I bought a VP Fuel Jug many moons ago for keeping the race car topped up. Now it needs a home on the trailer.

The first challenge would be getting the trailer into the workshop. The shop is at the bottom of a steep hill, that also has a slight rise as you enter the shop to keep water out. The trailer bottoms out not far from the base of that rise. I ended up using a pair of wheel dollies under the rear frame rail of the trailer so that it would ride them up the rise into the shop. That was definitely an interesting experiment that I still can’t believe worked as well as it did.  At least now working on the trailer will be a good deal easier.

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Since I plan, still, to add a winch to the trailer, I wanted to keep whatever I made below the frame & deck level so that with the fuel jug removed, a winch cable could be played out.

I had some 1″ box tubing kicking around the shop, and that seemed like the perfect took for the job. The 2″ wide tongue member makes a good base for the jug to rest on.

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A quick test-fit to help determine where the ratchet strap tie points need to go:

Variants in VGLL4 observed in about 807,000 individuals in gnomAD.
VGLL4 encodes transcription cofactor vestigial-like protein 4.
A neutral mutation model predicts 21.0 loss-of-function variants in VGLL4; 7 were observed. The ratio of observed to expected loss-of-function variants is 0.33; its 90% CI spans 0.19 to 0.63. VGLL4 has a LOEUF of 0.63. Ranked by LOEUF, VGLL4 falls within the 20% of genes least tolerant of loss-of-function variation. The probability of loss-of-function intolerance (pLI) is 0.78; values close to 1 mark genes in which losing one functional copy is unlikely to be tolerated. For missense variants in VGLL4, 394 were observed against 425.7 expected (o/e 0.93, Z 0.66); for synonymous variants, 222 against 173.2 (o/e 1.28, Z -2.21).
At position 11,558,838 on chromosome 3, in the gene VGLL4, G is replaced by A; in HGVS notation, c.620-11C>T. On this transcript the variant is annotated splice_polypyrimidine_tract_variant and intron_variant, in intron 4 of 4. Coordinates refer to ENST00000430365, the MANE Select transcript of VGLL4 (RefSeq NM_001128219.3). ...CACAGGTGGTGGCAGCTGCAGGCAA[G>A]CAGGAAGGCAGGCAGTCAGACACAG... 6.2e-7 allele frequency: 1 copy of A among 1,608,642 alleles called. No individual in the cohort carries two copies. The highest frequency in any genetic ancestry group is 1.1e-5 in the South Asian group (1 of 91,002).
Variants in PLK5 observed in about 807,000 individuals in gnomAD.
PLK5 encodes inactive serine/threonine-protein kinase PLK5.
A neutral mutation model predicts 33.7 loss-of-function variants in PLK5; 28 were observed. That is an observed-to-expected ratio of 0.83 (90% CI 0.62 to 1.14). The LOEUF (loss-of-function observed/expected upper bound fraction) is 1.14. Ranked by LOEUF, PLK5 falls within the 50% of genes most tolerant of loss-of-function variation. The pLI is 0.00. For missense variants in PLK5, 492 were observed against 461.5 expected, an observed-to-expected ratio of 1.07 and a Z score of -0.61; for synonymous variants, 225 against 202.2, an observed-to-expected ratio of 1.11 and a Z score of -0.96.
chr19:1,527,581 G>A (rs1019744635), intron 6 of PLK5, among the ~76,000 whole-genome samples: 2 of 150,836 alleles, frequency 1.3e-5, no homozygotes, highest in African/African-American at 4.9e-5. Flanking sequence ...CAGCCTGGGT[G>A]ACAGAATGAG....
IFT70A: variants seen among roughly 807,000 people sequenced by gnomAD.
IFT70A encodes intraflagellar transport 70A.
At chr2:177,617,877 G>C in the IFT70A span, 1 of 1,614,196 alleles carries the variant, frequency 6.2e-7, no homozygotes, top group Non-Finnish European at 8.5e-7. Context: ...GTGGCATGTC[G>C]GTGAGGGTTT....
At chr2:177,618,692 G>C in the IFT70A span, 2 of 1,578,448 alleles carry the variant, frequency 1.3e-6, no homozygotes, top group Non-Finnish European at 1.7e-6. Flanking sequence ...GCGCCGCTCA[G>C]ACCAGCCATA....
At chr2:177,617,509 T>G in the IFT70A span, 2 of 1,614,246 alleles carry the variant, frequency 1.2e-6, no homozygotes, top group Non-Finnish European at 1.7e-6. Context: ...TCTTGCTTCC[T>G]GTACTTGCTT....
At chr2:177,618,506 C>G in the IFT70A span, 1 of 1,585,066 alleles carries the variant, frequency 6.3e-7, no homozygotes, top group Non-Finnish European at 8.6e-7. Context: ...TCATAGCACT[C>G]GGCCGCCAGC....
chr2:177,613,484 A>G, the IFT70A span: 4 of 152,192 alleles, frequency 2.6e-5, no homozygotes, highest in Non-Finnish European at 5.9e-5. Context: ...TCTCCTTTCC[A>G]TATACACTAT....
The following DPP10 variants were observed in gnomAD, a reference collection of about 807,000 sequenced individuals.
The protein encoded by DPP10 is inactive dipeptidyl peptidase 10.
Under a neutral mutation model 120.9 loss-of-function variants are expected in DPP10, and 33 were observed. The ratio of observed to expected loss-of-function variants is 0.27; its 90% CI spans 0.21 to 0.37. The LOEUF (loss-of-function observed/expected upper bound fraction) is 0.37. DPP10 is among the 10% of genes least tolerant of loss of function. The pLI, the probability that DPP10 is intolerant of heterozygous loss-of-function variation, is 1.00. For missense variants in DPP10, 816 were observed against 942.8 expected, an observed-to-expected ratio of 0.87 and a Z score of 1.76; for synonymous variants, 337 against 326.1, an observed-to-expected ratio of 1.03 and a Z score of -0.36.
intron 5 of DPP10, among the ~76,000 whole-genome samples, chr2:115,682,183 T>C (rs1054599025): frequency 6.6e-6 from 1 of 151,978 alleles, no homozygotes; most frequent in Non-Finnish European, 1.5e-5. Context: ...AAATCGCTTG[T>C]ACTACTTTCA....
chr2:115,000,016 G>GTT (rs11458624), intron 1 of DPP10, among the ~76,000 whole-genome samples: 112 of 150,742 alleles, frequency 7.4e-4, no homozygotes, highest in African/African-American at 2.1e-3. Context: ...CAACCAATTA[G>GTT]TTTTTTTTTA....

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I used a pair of chain links cut a little longer than in half for the tie downs. D-rings on swivels on the side of the tubing would be moderately better. If it bugs me on my first outing with it (this weekend), the chain links will get lopped off and replaced.

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EDIT: I’ve already cut off my chain-link tie downs as there wasn’t enough room between the tie-downs and the fuel jug to get the hooks out effectively. I swung by Home Depot Racing Supply and picked up a set of D-ring tie downs, and cut the ‘legs’ off so that the D-rings would swing through the vertical axis instead of the horizontal, and will swing out of the way so the hooks can far more easily be removed.